Validation of MAPS in Independent Datasets

To validate the predictive value of MAPS, Cox regression and Kaplan–Meier survival analysis were performed in three independent cohorts (GSE3141, GSE13213, and GSE31210) (Bild et al., 2006; Tomida et al., 2009; Okayama et al., 2012). MAPS was calculated for each sample by the formula developed in TCGA-LUAD. The median of MAPS served as the cutoff value for stratification. Further, since three datasets contained more complete clinical information, multivariate Cox regression model was implemented to control confounders.

Functional Enrichment Analyses of METTL5 and MAPS

To explore the potential biological role of METTL5, the STRING web server (version 11.0) was first used to construct a METTL5-centered protein-protein interaction network (Szklarczyk et al., 2019). The minimum interaction score was set to 0.4. Gene Ontology (GO) and Kyoto Encyclopedia of Genes and Genomes (KEGG) pathways were employed for functional annotation of the network. Next, in order to understand the potential biological relevance of MAPS, gene set enrichment analysis (GESA) was conducted based on the R package clusterProfiler between different risk groups (Yu et al., 2012). The BIOCARTA subset of canonical pathways was used and obtained from the Molecular Signatures Database (version 7.2) (Liberzon et al., 2011).

Assessment of Tumor Microenvironment and Infiltrated Immune Cells

The tumor microenvironment was calculated using ESTIMATE algorithm and two scores including stromal score and immune score were retrieved for each TCGA-LUAD samples (Yoshihara et al., 2013). In addition, Immune Cell Abundance Identifer (ImmuCellAI) was applied to estimate the abundance of 24 immune cell types including 18 T-cell subclasses (Miao et al., 2020). Abundances of each cell type were compared between different risk groups.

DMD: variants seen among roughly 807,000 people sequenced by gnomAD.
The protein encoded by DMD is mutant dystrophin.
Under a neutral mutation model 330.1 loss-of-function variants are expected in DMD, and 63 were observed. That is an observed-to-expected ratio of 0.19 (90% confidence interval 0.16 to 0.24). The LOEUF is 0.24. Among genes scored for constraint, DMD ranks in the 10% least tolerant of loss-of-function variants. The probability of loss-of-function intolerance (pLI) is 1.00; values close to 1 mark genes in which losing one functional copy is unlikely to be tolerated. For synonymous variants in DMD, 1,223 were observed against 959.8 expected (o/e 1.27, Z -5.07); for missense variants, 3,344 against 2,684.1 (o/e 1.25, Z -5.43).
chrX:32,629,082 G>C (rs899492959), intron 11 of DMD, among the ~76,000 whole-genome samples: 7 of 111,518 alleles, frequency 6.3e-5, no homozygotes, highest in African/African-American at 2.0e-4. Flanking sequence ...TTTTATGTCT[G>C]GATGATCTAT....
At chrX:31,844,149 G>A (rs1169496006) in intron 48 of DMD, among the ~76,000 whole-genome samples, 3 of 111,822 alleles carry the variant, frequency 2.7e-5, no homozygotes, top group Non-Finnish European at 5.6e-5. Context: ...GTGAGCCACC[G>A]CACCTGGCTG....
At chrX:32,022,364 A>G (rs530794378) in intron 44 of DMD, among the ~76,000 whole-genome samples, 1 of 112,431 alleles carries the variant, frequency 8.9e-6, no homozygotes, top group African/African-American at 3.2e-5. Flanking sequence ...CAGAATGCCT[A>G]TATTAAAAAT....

Calculation of Tumor Mutation Burden in TCGA-LUAD Cohort

Tumor mutational burden (TMB) is a measurement of the number of gene mutations carried by cancer cells. In the present study, TMB was defined as the total number of non-synonymous mutations in whole-exome genomic region. After calculating TMB for each sample, the comparison between low-risk and high-risk groups was performed.

Comparisons of MAPS and an m6A-Prognostic Signature in Multiple Cohorts

To provide further evidence for the clinical value of the constructed gene model, MAPS was then compared to a published model with similar biological function. A m6A-prognostic signature reported by Li et al. were extracted and risk score was calculated for each sample according to the provided formula in all included cohorts except GSE13213 due to lack of gene probes. The prognostic value of these two models was quantified and compared according to the concordance index (C-index). The restricted mean survival (RMS) curve was used to present the life expectancy of different risk groups at 120 months. A larger slope of the RMS curves indicated a superior predictive performance.

Statistical Analysis

All statistical analyses were conducted using R version 3.6.2. For continuous variables, Wilcoxon test and Kruskal–Wallis test were applied to compare two groups and multiple groups, respectively. Pearson’s correlations were employed to assess associations between two variables. Both Cox regression and Log-rank test were selected for survival analysis. Receiver operating characteristic (ROC) curve was used to evaluate predictive efficacy by plotROC package (Sachs, 2017). C-index was calculated and compared using survcomp and compareC packages, respectively (Kang et al., 2015). A P value less than 0.05 was considered statistically significant.

Results

Multi-Omics Profiles of METTL5 in TCGA-LUAD Cohort

The whole workflow and key steps were depicted in Figure 1. Compared to the adjacent normal lung tissue, METTL5 expression was significantly (P < 0.001) upregulated in LUAD (Figure 2A). To further depict the possible mechanisms associated with METTL5 overexpression, mutational profile of METTL5 was first display and only one missense mutation was found (Figure 2B). Further, the methylation levels of METTL5 at 1st Exon (P < 0.001) and TSS1500 (200–1,500 nt upstream of transcription start sites) (P = 0.004) was significantly lower in LUAD (n = 370) than that in normal lung tissues (Figures 2C,D). In addition, significant association of between METTL5 expression and CNV was found in LUAD (Figure 2E). This together suggested that METTL5 expression was partially influenced by DNA methylation and CNV.